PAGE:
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At a volunteer orientation late last year, I learned that an estimated one in four adults in Yellowknife is functionally illiterate. That means that 4,000 adults here cannot read this newspaper.

That they are only able to read and write at a grade four level is not a reflection on them but an education system that failed them miserably.

Last year, a consulting firm out of Winnipeg came up with the wild idea of turning Aurora College into an institution that would attract students from around the world thus turning the college into a money maker rather than the sinking ship it is. But why don’t we start with the basics which emphasizes educating Northerners, which was the original intent of the college anyway.

It is no wonder that the north’s rate of illiteracy is so high considering that residential schools were allowed to flourish here for so long and that most educators only come North for a year or two to gain experience. They do not put in the long term commitment necessary for people especially in the communities to help First Nations trust a system that has caused so much inter-generational trauma. There is little doubt that this can be a challenge.

When Alfred Moses called for a review of the college a couple years ago, it was strongly suggested in the early stages that more effort be put in to bolstering satellite education in the communities to enhance and increase educational opportunities there so that people would not have to give up their housing and support systems to move to larger centres where they often flounder. This support is crucial to the success of First Nations people who are still subjected to racism and isolation far worse than other students in larger centers. Study after study has shown that at the very least, First Nations students need the support of strong friendship centers if they are to succeed when away from home. And making that move could cost them their housing. This is not the answer. Satellite education, something this government suggests it will look into, is one of them.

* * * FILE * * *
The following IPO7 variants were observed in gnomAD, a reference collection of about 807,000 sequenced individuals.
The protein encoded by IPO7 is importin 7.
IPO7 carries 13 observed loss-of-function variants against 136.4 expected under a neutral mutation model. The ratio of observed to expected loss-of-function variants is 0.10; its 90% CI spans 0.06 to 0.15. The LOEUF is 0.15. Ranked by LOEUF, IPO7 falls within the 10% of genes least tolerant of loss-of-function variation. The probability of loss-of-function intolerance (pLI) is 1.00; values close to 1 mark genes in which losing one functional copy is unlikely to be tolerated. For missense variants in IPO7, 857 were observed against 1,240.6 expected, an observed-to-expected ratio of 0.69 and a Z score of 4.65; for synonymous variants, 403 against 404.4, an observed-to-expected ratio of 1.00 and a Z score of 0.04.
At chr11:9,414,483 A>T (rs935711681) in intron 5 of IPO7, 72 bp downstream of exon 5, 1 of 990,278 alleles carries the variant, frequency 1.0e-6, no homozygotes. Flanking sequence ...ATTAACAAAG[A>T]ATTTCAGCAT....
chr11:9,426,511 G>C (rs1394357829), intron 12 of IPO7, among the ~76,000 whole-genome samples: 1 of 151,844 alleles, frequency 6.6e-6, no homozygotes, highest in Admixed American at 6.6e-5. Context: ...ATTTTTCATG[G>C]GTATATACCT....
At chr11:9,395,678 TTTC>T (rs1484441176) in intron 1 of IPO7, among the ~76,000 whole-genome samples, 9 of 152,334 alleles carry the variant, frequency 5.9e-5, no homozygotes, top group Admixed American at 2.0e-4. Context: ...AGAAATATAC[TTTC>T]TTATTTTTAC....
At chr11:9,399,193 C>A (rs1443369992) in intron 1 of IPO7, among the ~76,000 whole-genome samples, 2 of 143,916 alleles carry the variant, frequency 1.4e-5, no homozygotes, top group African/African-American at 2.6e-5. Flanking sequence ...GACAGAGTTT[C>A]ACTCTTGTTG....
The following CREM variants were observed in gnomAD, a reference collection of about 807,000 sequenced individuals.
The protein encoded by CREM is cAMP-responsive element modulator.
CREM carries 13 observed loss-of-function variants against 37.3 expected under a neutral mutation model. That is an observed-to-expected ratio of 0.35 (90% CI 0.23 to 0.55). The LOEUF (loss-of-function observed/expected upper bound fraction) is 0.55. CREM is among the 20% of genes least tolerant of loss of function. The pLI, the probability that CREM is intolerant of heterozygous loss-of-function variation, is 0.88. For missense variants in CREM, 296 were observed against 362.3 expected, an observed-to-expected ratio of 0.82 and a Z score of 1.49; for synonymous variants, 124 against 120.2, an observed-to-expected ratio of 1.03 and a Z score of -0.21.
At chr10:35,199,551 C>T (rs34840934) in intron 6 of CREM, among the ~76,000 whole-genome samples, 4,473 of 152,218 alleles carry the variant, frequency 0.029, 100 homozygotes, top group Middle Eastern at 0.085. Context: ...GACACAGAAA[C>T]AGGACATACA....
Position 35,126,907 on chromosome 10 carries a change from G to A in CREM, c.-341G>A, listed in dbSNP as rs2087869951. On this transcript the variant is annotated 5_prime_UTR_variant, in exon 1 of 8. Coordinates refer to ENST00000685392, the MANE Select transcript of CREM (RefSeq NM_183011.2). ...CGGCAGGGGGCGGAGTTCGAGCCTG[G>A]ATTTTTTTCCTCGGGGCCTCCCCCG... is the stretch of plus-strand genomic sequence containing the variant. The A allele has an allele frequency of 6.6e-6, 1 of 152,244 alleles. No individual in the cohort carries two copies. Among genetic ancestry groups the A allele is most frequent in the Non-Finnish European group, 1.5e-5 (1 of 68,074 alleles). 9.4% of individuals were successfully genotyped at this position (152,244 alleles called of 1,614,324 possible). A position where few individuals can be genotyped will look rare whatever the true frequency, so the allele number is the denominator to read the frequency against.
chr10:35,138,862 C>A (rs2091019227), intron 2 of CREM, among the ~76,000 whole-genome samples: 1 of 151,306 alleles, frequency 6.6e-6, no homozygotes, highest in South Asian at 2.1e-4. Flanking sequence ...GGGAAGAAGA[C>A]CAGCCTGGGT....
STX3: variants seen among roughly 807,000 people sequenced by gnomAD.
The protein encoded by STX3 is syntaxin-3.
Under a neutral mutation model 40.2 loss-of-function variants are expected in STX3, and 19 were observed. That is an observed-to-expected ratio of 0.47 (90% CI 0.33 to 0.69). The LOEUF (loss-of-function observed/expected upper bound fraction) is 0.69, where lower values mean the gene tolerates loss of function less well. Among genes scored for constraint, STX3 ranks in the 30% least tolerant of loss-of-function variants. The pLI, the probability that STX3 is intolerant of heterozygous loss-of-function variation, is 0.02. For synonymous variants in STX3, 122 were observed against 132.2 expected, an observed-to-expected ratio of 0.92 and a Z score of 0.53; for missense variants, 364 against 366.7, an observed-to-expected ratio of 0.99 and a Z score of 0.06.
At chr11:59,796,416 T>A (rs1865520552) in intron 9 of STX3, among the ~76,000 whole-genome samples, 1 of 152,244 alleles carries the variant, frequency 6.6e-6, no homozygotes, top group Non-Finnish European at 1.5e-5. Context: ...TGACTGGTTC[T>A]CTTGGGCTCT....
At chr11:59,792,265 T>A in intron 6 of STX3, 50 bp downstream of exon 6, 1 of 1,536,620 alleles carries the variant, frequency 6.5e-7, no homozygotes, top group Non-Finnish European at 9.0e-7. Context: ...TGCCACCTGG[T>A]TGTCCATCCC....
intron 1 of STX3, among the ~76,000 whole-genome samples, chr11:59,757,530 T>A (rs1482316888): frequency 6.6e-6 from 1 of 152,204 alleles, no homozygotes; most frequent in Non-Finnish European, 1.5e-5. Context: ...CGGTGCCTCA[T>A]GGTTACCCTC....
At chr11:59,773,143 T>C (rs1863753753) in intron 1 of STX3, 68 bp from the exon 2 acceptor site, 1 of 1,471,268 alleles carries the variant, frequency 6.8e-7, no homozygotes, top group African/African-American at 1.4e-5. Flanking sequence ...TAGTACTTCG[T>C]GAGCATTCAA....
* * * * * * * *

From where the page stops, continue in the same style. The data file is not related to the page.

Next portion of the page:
Somehow, a new emphasis on this tool was lost in the election and cabinet shuffle and the idea of a polytechnic school was born. But that is not expected to materialize for six more years, if ever.

Six years? People need help now.

If we can provide more tutoring services during the interim both at the volunteer and government funded level, it will mean that more marginalized people will be able to fill out application forms, type out resumes and apply the reading and writing skills necessary to be gainfully employed. We also know that education does wonders for self-esteem giving people the confidence they need to work. Why aren’t we doing that?

Further, with the dismal rate of adult literacy in Yellowknife where there should be an abundance of resources, it is obvious that more effort is needed to increase availability to basic education here, too.

Currently, tutoring services are available through the NWT Literacy Council, Aurora College, Native Women’s Centre and Tree of Peace but the number of people they are able to help is limited as determined by staffing numbers, government funding and time required to train and work with volunteers.

As a community, we can do more. After all, money earmarked for these programs promises good returns as it helps people get jobs, thus pay income tax and relieve the stress on the social assistance programs.  It’s a win-win situation.

We don’t always need grand schemes to improve unhealthy situations. Sometimes it just takes a little effort at the grass roots level. We always say that giving money to people who are on the streets or who do not have much is a questionable support.  Providing them with more educational opportunities shows that as a community we care and as one great teacher said, teaching them how to fish allows them to take care of themselves indefinitely, and not just for one meal.

We need the GNWT to step up with increased staff funding and volunteers willing to donate an hour or two a week to tutor. A little effort can go a long way.

 

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